Illuminance marks the first international publication of Japan’s premier contemporary photographer, Rinko Kawauchi. Splashed across high-quality pages, her aesthetics travel and translate well – after all, the unadulterated beauty of her chosen subjects speaks a universal language
Back in 1841, Fox Talbot – inventor of the still-in-use negative/positive film development process – patented his discovery as Calotype, inspired by kali, the Greek term for beauty. In her seminal tome On Photography, American essayist Susan Sontag extolled the virtues of photography as the most successful medium for reproducing beauty. According to Sontag, the history of photography can be summarised as an endless battle of imperatives: photography – a means to beautify, retouch and idealise the world – finds itself in constant conflict with the urge to document moments of truth.
Japanese photographer Rinko Kawauchi has chosen this particular visual battlefield for her own flavour of self-expression. Famous for images that combine the attraction of beauty with everyday existentialism, her restless eye and focus on the fleeting, inconsequential things in life helps to cast the seemingly familiar into sharp relief and presents it in an entirely new light.
“I prefer listening to the small voices in our world, those which whisper. I have a feeling I am always being saved by these whispers; my eyes naturally focus on small things.“
In her work, Rinko seems to see and discover the world around her through the eyes of a child. The perpendicular – and thus oblique – glance through her Rolleiflex viewfinder adds a furtive, almost anonymous quality to the results. Unlike the obvious photographer’s pose, camera held up against the eye, Rinko’s particular approach leaves many of her subjects oblivious to the photographic action. And this urge to remain in the shadows, to become invisible behind her tools of the trade, translates to an impressive body of almost weightless works.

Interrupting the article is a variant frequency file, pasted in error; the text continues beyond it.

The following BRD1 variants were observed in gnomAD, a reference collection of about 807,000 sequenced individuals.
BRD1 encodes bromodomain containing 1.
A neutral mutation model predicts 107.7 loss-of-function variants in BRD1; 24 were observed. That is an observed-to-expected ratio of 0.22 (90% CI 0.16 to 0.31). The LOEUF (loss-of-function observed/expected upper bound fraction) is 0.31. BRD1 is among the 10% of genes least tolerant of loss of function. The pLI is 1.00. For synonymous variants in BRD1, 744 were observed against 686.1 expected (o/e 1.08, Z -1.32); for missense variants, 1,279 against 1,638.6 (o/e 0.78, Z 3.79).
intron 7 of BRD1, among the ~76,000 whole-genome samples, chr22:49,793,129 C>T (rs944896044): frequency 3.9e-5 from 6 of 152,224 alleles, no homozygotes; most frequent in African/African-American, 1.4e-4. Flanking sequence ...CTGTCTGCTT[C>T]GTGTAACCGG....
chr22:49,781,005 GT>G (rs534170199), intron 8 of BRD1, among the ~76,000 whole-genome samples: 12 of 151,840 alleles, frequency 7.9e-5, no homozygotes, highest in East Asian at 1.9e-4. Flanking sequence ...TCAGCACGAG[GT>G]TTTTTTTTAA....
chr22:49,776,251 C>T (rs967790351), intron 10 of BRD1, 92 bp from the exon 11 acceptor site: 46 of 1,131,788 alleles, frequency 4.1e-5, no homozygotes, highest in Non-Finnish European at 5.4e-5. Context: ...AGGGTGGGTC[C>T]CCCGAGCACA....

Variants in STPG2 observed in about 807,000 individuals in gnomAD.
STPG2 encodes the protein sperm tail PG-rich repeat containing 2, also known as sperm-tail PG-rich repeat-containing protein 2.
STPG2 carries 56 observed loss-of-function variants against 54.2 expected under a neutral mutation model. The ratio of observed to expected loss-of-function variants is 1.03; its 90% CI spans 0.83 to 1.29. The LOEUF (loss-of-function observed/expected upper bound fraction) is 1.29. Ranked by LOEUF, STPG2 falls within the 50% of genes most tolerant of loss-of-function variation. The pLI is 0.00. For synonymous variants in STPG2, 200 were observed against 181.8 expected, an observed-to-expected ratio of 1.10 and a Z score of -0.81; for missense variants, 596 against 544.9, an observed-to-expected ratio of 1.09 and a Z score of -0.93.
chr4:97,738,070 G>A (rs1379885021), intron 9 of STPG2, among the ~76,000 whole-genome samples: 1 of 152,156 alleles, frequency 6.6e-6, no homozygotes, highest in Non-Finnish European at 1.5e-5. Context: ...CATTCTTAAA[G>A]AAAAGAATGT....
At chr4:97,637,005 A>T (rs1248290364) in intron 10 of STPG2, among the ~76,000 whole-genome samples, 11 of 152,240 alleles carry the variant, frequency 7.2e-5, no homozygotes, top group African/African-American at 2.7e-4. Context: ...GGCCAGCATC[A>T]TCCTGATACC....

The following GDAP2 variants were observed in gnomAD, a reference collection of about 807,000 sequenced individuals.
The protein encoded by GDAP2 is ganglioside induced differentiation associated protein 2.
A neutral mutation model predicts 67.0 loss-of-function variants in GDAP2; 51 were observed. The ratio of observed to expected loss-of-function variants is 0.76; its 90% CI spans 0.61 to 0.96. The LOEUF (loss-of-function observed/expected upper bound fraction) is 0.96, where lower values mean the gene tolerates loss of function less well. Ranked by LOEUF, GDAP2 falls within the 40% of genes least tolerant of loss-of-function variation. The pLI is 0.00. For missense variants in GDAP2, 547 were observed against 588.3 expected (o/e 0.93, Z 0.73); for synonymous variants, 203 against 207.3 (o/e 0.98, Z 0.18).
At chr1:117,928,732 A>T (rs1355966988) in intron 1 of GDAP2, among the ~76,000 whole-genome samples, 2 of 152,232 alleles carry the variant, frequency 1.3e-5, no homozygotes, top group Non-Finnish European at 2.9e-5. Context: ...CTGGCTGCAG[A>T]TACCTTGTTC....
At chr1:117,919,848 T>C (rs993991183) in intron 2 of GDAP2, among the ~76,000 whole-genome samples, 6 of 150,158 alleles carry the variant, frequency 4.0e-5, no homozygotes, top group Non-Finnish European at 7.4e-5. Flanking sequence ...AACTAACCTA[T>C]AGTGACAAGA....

Page by page, Illuminance invites discovery. Every turn of a double-paged spread reveals two 6x6 photographs, juxtaposed to ensure maximum contrast or utmost harmony: a dead bird, nailed to a wall, finds itself side-by-side with Mount Fuji’s iconic silhouette; sunny rays, filtered through treetops, are flanked by a tiny frog on an open hand; a transparent umbrella, glistening with raindrops, sidles up to a plastic bag filled with equally glistening pigs’ eyes. Taken together, this gentle, yet jarring visual tour de force whisks us away onto an illuminating stream of consciousness – one that addresses our innate sense of beauty, but also irritates with repelling images.
Rinko equates these pictures with memories, yet discounts the importance of personal experience:
“Each photograph is connected to personal memories of mine, but it is not important which are personal memories or not. I would like to see universality in my works. I believe that my personal memory can be connected to our subconsciousness.“
Rinko Kawauchi’s Japan debut dates back 15 years when she took the brave step to publish three books at once. Now, with her twelfth publication Illuminance set for international release, she seems destined to find her place on the shelves – and in the hearts – of discerning art lovers around the world.
“We see "Illuminance" in Japan – and anywhere else in the world as well.“
Rinko Kawauchi Illuminance
125 four-color images
Published by Aperture